Public Nuisance

Random commentary and senseless acts of blogging.

The first Republican president once said, "While the people retain their virtue and their vigilance, no administration by any extreme of wickedness or folly can seriously injure the government in the short space of four years." If Mr. Lincoln could see what's happened in these last three-and-a-half years, he might hedge a little on that statement.
-Ronald Reagan

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Monday, September 29, 2003
Clifford May's feeble defense of the outing of Varerie Plame is revealing, but not in any way he intended.

On July 14, Robert Novak wrote a column in the Post and other newspapers naming Mr. Wilson's wife, Valerie Plame, as a CIA operative.

That wasn't news to me. I had been told that — but not by anyone working in the White House. Rather, I learned it from someone who formerly worked in the government and he mentioned it in an offhand manner, leading me to infer it was something that insiders were well aware of.

According to May's biography, he has held a variety of positions with the Republican Party and right wing think tanks, after a career in legitimate journalism. He has never been in public service, so it may be assumed he does not hold, and has never held, any form of security clearance. Yet an unnamed former official casually disclosed to him highly confidential U.S. secrets, a fact which Mr May seems to consider quite ordinary.

In other words, Mr May thinks that since conservatives don't worry about silly notions like protecting secrets or obeying laws against disclosure of agent identities when chatting inside the family, it's no big deal if they adopt the same rules for talking to the public.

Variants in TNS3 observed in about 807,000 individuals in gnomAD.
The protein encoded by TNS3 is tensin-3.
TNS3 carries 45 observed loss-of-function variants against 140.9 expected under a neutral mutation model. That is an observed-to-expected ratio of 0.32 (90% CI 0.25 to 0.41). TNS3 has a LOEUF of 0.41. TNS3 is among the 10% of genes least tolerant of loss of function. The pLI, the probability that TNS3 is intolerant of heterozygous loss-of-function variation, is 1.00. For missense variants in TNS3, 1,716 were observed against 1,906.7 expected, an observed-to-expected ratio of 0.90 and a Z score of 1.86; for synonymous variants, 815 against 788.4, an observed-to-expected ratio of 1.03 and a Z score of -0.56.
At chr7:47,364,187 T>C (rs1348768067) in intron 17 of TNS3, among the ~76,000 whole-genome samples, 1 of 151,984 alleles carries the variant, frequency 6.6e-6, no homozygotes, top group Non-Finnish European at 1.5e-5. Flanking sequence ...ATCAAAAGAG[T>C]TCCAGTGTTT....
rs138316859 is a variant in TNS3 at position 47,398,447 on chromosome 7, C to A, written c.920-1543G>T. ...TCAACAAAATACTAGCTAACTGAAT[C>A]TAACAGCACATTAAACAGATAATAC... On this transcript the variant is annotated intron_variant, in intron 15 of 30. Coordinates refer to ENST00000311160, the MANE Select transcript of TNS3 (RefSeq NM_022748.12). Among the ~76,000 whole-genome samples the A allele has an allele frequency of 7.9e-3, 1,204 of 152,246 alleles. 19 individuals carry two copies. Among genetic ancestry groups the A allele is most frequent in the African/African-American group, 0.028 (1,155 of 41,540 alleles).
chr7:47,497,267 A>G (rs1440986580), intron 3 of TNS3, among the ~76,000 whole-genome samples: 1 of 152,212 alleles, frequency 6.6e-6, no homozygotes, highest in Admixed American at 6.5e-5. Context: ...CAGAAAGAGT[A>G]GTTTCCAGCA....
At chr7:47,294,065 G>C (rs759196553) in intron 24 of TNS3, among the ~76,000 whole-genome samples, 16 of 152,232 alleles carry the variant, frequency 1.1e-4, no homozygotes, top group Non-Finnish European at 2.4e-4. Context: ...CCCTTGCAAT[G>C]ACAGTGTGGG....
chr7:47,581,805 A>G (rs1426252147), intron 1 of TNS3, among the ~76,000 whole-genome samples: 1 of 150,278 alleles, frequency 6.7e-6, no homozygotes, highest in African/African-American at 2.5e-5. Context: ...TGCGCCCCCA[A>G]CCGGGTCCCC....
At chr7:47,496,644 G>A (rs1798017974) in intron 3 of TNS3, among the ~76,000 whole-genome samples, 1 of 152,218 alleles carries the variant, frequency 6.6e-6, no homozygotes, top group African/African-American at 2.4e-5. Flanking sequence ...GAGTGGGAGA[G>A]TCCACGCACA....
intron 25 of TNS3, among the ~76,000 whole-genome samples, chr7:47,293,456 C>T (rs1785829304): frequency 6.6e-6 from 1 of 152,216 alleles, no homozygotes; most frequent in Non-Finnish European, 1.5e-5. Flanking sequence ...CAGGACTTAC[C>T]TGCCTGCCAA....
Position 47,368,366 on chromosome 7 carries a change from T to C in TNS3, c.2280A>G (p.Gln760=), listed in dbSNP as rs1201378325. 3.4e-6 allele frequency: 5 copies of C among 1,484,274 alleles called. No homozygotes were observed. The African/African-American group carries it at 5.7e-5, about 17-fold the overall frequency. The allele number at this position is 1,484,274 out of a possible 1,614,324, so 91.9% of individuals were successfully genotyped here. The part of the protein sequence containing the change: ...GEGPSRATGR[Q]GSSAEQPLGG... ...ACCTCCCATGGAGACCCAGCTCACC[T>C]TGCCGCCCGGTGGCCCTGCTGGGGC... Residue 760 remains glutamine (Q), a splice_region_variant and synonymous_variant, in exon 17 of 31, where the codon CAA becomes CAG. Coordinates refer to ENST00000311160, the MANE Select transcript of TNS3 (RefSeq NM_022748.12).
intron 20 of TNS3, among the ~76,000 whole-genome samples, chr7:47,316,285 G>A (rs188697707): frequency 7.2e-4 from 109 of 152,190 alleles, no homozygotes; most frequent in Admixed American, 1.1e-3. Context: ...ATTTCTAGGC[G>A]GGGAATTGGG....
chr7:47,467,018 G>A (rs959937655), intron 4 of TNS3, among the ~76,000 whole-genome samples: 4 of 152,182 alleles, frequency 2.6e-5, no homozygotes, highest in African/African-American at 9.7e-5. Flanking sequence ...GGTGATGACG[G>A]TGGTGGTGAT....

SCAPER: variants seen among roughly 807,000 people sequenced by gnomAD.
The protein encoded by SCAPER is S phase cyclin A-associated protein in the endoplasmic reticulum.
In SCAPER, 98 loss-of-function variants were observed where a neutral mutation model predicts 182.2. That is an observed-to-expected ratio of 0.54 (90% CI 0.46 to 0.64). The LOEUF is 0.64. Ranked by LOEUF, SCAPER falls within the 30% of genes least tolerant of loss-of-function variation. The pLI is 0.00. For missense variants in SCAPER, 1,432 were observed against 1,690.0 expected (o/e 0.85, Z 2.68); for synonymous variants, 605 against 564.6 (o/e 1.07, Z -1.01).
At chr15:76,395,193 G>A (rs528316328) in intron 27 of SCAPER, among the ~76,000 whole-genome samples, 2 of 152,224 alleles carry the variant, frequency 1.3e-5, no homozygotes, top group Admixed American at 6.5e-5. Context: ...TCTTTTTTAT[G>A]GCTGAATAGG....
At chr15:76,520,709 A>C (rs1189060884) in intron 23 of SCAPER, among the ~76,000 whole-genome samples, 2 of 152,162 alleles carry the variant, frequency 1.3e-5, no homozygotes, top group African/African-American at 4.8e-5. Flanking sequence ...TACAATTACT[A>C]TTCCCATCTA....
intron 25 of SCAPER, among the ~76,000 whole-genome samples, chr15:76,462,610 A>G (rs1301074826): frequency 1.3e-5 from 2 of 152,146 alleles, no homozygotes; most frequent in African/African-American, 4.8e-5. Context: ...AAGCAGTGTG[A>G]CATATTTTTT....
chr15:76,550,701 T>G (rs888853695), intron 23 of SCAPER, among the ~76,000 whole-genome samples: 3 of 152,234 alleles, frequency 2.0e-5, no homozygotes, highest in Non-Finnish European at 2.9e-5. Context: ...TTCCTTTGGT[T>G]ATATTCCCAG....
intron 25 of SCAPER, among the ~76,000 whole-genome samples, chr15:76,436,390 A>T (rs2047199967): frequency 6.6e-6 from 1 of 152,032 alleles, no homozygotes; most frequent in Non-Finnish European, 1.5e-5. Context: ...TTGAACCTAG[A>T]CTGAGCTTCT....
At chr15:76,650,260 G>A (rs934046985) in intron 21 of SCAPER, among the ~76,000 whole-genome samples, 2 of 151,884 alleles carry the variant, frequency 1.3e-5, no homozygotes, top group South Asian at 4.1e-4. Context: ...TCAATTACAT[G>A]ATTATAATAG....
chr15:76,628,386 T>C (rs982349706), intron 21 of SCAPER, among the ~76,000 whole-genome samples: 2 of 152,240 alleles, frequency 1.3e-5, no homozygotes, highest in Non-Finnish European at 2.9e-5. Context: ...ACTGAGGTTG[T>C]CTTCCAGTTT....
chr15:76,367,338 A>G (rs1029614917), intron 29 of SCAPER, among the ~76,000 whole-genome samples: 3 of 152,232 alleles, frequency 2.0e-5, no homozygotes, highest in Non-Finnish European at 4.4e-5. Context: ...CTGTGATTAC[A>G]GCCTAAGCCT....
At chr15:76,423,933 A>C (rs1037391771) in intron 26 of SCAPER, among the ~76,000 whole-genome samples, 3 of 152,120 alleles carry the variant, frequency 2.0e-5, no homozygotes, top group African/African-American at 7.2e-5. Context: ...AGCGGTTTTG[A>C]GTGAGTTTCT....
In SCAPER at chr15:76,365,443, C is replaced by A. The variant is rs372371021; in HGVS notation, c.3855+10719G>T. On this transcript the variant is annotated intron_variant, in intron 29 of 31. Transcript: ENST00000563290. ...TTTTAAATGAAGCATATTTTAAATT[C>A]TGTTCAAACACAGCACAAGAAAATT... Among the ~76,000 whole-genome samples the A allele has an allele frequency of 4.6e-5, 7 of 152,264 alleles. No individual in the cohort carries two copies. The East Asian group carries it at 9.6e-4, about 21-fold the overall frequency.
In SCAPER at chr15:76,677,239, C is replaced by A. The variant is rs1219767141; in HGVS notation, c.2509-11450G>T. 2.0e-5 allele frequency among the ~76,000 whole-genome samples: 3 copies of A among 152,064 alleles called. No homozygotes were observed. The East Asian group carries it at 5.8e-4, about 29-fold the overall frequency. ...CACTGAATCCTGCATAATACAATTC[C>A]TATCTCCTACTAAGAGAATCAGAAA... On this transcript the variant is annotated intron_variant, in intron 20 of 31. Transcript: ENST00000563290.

Mr. Wilson has said that his mission came about following a request from Vice President Cheney. But it appears that if Mr. Cheney made the request at all, he made it of the CIA and did not know Mr. Wilson and certainly did not specify that he wanted Mr. Wilson put on the case.

It has to be seen as puzzling that the agency would deal with an inquiry from the White House on a sensitive national-security matter by sending a retired, Bush-bashing diplomat with no investigative experience. Or didn't the CIA bother to look into Mr. Wilson's background?

If that's what passes for tradecraft in Langley, we're in more trouble than any of us have realized.

If endangering intelligence assets doesn't trouble Mr May, endangering George Bush's approval ratings clearly does. Mr May is troubled by the irresponsible decision the CIA made in inquiring into the Niger uranium story in 2002: they allowed Joseph WIlson's expertise and professional qualifications to trump the more important fact that he was no friend of the Bush administration.

Fortunately, this sort of dangerous misconduct hasn't spread to other parts of the Bush administration. Newsweek has just published an article showing how the group assigned to rebuild Iraq was carefully chosen to ensure that mere competence would never be allowed to trump partisan loyalty. The vetting was so thorough that "even doctors sent to restore medical services had to be anti-abortion." No doubt this wise decision played a large role in the many breathtaking successes of the post-war Iraq Administration. In fact, the results are so breathtaking that, just today, the 191st coalition soldier since Bush announced, "Mission Accomplished" stopped breathing.